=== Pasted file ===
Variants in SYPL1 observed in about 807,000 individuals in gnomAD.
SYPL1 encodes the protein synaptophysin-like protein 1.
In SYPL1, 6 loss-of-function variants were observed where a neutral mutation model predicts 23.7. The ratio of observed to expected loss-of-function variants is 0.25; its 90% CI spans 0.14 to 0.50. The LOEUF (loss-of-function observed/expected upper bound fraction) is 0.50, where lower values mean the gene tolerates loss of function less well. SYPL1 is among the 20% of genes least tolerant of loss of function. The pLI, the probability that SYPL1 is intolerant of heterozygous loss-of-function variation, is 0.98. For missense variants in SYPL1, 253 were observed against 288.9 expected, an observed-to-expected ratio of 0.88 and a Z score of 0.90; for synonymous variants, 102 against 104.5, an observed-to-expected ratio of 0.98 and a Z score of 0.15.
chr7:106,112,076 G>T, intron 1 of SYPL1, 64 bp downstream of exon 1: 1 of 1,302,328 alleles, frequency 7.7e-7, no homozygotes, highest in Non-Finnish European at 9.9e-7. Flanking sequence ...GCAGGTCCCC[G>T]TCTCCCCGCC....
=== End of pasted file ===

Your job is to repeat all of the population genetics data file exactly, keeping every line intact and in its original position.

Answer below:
Variants in SYPL1 observed in about 807,000 individuals in gnomAD.
SYPL1 encodes the protein synaptophysin-like protein 1.
In SYPL1, 6 loss-of-function variants were observed where a neutral mutation model predicts 23.7. The ratio of observed to expected loss-of-function variants is 0.25; its 90% CI spans 0.14 to 0.50. The LOEUF (loss-of-function observed/expected upper bound fraction) is 0.50, where lower values mean the gene tolerates loss of function less well. SYPL1 is among the 20% of genes least tolerant of loss of function. The pLI, the probability that SYPL1 is intolerant of heterozygous loss-of-function variation, is 0.98. For missense variants in SYPL1, 253 were observed against 288.9 expected, an observed-to-expected ratio of 0.88 and a Z score of 0.90; for synonymous variants, 102 against 104.5, an observed-to-expected ratio of 0.98 and a Z score of 0.15.
chr7:106,112,076 G>T, intron 1 of SYPL1, 64 bp downstream of exon 1: 1 of 1,302,328 alleles, frequency 7.7e-7, no homozygotes, highest in Non-Finnish European at 9.9e-7. Flanking sequence ...GCAGGTCCCC[G>T]TCTCCCCGCC....